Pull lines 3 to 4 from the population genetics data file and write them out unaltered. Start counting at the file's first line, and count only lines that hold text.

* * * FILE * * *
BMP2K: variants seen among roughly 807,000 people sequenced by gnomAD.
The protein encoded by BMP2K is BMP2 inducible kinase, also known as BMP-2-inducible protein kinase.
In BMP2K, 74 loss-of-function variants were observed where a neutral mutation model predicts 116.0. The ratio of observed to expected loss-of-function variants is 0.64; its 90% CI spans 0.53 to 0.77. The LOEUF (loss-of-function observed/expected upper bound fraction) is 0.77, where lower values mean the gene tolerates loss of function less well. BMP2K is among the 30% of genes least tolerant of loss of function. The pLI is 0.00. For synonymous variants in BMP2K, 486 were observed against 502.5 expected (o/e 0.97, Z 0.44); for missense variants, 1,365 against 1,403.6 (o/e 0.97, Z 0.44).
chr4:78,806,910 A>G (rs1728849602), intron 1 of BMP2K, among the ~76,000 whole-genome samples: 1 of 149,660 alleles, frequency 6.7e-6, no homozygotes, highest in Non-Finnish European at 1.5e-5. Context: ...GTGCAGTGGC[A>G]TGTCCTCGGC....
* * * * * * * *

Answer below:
In BMP2K, 74 loss-of-function variants were observed where a neutral mutation model predicts 116.0. The ratio of observed to expected loss-of-function variants is 0.64; its 90% CI spans 0.53 to 0.77. The LOEUF (loss-of-function observed/expected upper bound fraction) is 0.77, where lower values mean the gene tolerates loss of function less well. BMP2K is among the 30% of genes least tolerant of loss of function. The pLI is 0.00. For synonymous variants in BMP2K, 486 were observed against 502.5 expected (o/e 0.97, Z 0.44); for missense variants, 1,365 against 1,403.6 (o/e 0.97, Z 0.44).
chr4:78,806,910 A>G (rs1728849602), intron 1 of BMP2K, among the ~76,000 whole-genome samples: 1 of 149,660 alleles, frequency 6.7e-6, no homozygotes, highest in Non-Finnish European at 1.5e-5. Context: ...GTGCAGTGGC[A>G]TGTCCTCGGC....